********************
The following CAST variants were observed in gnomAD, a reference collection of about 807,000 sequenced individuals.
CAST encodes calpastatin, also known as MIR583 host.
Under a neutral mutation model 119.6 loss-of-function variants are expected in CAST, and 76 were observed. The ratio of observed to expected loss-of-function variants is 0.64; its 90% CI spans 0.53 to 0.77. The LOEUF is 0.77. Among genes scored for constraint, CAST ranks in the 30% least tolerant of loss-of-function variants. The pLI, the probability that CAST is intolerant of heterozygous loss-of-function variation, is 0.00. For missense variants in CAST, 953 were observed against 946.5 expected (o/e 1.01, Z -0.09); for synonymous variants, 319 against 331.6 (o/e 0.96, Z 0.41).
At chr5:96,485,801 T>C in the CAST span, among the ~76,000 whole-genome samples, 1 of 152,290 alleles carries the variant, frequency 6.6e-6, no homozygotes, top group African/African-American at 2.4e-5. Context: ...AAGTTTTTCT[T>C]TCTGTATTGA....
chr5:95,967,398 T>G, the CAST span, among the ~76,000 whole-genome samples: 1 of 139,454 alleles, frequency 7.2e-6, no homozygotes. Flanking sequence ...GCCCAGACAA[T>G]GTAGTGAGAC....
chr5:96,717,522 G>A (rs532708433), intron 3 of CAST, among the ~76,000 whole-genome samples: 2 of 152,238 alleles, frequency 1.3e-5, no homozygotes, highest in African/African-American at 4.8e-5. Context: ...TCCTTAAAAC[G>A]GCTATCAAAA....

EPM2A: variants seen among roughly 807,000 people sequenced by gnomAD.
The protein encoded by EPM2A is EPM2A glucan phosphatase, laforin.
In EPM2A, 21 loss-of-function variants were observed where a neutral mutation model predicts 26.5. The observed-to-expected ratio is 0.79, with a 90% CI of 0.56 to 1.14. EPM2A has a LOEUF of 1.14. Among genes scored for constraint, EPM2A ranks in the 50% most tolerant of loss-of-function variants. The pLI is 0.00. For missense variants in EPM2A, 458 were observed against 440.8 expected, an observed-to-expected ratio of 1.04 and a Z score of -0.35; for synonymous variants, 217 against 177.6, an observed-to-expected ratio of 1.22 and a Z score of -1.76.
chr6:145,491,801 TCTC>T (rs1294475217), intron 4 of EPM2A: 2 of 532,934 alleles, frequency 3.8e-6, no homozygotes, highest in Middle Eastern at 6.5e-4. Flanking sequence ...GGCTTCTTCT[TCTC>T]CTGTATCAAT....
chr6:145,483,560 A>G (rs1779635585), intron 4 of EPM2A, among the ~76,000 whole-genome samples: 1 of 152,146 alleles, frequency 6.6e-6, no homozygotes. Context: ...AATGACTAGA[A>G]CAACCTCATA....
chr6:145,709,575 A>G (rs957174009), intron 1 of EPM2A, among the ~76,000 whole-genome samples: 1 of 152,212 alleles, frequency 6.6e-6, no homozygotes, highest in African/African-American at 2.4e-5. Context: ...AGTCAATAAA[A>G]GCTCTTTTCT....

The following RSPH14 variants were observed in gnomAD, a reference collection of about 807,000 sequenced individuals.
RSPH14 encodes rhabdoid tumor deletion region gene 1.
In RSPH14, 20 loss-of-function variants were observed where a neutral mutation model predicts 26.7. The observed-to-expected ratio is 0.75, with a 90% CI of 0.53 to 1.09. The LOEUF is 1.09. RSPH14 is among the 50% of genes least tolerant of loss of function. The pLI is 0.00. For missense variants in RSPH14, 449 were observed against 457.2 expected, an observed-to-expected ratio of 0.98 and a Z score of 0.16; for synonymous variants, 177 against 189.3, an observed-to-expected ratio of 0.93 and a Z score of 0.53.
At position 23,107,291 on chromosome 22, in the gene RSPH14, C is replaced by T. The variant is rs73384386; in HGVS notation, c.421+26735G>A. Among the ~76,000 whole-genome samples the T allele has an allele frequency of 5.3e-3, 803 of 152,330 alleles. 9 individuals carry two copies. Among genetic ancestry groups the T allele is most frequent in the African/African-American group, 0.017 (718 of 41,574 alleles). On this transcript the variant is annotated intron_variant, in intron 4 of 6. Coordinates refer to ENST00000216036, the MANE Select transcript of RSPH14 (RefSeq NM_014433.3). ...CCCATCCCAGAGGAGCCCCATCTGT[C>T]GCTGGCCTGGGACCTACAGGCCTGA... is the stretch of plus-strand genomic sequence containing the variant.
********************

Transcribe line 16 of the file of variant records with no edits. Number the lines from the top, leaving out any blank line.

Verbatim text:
At position 23,107,291 on chromosome 22, in the gene RSPH14, C is replaced by T. The variant is rs73384386; in HGVS notation, c.421+26735G>A. Among the ~76,000 whole-genome samples the T allele has an allele frequency of 5.3e-3, 803 of 152,330 alleles. 9 individuals carry two copies. Among genetic ancestry groups the T allele is most frequent in the African/African-American group, 0.017 (718 of 41,574 alleles). On this transcript the variant is annotated intron_variant, in intron 4 of 6. Coordinates refer to ENST00000216036, the MANE Select transcript of RSPH14 (RefSeq NM_014433.3). ...CCCATCCCAGAGGAGCCCCATCTGT[C>T]GCTGGCCTGGGACCTACAGGCCTGA... is the stretch of plus-strand genomic sequence containing the variant.